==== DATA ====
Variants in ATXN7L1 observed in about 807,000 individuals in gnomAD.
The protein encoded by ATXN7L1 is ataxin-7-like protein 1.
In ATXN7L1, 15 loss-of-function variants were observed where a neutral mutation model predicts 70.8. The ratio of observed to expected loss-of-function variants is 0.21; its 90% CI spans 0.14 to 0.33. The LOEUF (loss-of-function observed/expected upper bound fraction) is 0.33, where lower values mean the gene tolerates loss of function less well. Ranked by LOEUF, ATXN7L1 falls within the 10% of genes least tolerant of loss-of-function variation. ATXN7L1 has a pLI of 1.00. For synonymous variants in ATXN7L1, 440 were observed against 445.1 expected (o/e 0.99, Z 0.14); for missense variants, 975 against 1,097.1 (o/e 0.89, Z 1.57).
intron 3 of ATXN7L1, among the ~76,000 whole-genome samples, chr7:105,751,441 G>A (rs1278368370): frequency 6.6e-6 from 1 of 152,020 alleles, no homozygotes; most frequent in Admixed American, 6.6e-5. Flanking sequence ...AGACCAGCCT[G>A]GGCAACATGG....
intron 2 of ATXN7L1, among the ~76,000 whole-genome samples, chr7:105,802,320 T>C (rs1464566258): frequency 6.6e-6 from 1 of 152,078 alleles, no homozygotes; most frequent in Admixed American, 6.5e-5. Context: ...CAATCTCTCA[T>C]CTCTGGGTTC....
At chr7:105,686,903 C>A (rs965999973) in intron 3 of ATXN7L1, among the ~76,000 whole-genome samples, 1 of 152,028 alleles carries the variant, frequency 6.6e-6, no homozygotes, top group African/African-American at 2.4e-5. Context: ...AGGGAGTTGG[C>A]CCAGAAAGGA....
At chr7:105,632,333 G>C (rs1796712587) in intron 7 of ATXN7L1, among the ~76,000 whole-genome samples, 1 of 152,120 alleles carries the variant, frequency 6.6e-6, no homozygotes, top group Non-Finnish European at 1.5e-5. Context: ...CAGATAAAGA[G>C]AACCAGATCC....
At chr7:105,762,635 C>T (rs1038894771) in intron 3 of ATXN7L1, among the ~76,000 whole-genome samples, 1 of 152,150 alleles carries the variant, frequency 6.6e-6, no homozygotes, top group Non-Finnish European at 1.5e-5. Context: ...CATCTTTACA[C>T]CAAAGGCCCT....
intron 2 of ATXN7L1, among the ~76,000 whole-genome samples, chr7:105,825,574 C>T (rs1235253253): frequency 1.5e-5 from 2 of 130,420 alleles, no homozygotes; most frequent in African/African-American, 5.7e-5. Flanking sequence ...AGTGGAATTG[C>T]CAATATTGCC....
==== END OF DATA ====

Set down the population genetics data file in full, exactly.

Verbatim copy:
Variants in ATXN7L1 observed in about 807,000 individuals in gnomAD.
The protein encoded by ATXN7L1 is ataxin-7-like protein 1.
In ATXN7L1, 15 loss-of-function variants were observed where a neutral mutation model predicts 70.8. The ratio of observed to expected loss-of-function variants is 0.21; its 90% CI spans 0.14 to 0.33. The LOEUF (loss-of-function observed/expected upper bound fraction) is 0.33, where lower values mean the gene tolerates loss of function less well. Ranked by LOEUF, ATXN7L1 falls within the 10% of genes least tolerant of loss-of-function variation. ATXN7L1 has a pLI of 1.00. For synonymous variants in ATXN7L1, 440 were observed against 445.1 expected (o/e 0.99, Z 0.14); for missense variants, 975 against 1,097.1 (o/e 0.89, Z 1.57).
intron 3 of ATXN7L1, among the ~76,000 whole-genome samples, chr7:105,751,441 G>A (rs1278368370): frequency 6.6e-6 from 1 of 152,020 alleles, no homozygotes; most frequent in Admixed American, 6.6e-5. Flanking sequence ...AGACCAGCCT[G>A]GGCAACATGG....
intron 2 of ATXN7L1, among the ~76,000 whole-genome samples, chr7:105,802,320 T>C (rs1464566258): frequency 6.6e-6 from 1 of 152,078 alleles, no homozygotes; most frequent in Admixed American, 6.5e-5. Context: ...CAATCTCTCA[T>C]CTCTGGGTTC....
At chr7:105,686,903 C>A (rs965999973) in intron 3 of ATXN7L1, among the ~76,000 whole-genome samples, 1 of 152,028 alleles carries the variant, frequency 6.6e-6, no homozygotes, top group African/African-American at 2.4e-5. Context: ...AGGGAGTTGG[C>A]CCAGAAAGGA....
At chr7:105,632,333 G>C (rs1796712587) in intron 7 of ATXN7L1, among the ~76,000 whole-genome samples, 1 of 152,120 alleles carries the variant, frequency 6.6e-6, no homozygotes, top group Non-Finnish European at 1.5e-5. Context: ...CAGATAAAGA[G>C]AACCAGATCC....
At chr7:105,762,635 C>T (rs1038894771) in intron 3 of ATXN7L1, among the ~76,000 whole-genome samples, 1 of 152,150 alleles carries the variant, frequency 6.6e-6, no homozygotes, top group Non-Finnish European at 1.5e-5. Context: ...CATCTTTACA[C>T]CAAAGGCCCT....
intron 2 of ATXN7L1, among the ~76,000 whole-genome samples, chr7:105,825,574 C>T (rs1235253253): frequency 1.5e-5 from 2 of 130,420 alleles, no homozygotes; most frequent in African/African-American, 5.7e-5. Flanking sequence ...AGTGGAATTG[C>T]CAATATTGCC....